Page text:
To Take the Audio Tour

I used to have this idea that in order to fully appreciate a museum exhibition one had to go early in the day when the show was not crowded and read every word of text on the walls in addition to studying the paintings themselves. And then came the audio tours. I spent a few years resisting the audio tours in all but those exhibitions about which I knew absolutely nothing in favor of proceeding to the works of art of my own selection upon entering a room. I became a bit annoyed with what seemed like a herd of cattle proceeding from one wall placard with a headphone symbol and a corresponding number to another, with no regard for anything else in the room. I would purposefully examine the other objects, the lesser crowds in front of them, and try to scoot back to the popular audio tour pieces when the masses moved on to the next audio tour selection.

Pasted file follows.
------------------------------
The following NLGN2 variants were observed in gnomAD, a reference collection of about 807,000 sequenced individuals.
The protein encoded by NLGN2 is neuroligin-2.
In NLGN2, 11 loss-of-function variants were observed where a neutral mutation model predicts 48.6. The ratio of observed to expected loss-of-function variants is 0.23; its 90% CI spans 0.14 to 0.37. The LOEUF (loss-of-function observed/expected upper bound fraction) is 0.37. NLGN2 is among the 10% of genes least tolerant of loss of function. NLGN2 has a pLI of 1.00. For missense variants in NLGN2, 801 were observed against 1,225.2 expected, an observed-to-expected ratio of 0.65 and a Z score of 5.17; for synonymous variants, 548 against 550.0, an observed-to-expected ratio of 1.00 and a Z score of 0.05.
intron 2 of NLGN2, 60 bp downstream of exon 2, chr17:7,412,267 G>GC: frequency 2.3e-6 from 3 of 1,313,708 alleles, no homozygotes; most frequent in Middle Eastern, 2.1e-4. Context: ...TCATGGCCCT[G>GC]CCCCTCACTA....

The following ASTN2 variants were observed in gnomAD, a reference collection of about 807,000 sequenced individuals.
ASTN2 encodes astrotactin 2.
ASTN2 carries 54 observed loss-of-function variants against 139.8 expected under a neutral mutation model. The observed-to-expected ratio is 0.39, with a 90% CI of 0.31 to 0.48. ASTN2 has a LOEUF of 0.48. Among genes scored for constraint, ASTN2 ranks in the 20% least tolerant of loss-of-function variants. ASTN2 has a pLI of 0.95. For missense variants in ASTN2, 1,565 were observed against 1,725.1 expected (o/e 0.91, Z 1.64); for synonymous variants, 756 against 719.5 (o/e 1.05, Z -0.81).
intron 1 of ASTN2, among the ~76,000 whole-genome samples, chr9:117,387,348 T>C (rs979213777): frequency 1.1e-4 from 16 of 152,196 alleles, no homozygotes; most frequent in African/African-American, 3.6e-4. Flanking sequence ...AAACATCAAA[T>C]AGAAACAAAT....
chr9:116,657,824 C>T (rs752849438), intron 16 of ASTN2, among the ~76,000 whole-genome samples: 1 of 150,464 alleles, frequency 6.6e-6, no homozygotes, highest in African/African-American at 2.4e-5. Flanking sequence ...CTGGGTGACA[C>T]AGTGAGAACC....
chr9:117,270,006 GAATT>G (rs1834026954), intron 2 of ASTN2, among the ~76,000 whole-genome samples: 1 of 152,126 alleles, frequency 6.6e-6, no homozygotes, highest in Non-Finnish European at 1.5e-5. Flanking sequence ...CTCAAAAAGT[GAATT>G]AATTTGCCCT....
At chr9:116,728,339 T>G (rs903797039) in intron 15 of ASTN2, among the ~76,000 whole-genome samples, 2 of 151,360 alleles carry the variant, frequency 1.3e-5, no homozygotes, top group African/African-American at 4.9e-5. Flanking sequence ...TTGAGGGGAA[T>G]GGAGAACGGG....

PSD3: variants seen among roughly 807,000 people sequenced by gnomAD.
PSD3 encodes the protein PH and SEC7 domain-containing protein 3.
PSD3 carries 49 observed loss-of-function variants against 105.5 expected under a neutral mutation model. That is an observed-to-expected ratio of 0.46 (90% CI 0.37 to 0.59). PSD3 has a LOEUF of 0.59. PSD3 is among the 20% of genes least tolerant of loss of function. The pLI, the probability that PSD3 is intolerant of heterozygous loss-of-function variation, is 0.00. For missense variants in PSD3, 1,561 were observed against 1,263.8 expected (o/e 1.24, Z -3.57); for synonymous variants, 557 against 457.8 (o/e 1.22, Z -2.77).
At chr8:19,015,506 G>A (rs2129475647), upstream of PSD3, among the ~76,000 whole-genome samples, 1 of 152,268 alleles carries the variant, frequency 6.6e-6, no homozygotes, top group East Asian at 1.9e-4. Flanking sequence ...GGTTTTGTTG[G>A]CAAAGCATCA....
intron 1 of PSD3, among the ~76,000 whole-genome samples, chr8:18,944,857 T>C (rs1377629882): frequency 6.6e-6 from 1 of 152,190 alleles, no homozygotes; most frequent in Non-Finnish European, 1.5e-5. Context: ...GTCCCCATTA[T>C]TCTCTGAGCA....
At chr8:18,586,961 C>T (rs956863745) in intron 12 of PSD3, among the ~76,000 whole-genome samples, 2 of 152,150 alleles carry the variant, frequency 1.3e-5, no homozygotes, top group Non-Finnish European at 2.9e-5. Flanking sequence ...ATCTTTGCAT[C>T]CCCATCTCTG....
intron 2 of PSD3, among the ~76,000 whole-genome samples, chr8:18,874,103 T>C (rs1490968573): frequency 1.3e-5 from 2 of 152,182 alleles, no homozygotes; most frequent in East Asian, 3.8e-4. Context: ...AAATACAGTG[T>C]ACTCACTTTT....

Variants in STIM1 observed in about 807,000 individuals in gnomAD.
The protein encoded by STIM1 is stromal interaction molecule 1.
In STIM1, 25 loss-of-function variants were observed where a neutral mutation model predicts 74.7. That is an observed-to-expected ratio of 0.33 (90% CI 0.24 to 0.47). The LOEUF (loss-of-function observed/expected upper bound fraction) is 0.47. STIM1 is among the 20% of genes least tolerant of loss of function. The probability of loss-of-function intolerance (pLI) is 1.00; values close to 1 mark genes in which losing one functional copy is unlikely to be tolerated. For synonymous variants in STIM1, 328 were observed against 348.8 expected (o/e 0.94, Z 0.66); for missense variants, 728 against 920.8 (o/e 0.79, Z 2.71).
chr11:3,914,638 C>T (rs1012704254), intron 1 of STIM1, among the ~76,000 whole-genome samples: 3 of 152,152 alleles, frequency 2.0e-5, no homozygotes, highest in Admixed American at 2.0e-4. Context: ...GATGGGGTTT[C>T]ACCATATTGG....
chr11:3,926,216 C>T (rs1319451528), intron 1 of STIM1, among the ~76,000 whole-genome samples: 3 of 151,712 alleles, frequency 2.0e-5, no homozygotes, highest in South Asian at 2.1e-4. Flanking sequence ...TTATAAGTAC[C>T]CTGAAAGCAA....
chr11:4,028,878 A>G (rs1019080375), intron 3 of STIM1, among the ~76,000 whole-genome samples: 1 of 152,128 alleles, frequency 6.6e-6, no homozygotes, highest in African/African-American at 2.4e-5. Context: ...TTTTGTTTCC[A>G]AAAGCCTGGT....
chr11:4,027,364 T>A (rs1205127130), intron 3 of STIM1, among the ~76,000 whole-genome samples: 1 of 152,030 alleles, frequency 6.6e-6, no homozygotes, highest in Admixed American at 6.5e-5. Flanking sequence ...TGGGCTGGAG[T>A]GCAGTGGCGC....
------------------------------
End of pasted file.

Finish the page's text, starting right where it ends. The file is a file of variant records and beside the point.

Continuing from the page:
However, in recent months I have come to really enjoy the audio tours as a way to enjoy the artwork often with a soothing background of period music or the addition of voices, accented appropriately to the content of the exhibition, to give flavor and feel to the shows. I realized that one can always turn off the audio tour and enjoy the “other” works in a room but still learn something extra that might come with the audio tour. It is an especially nice way to peruse an exhibition, especially on a solo museum visit. The more high tech these devices get, the more fun they are. Try one out the next time you go to a museum. I think you will be pleasantly surprised.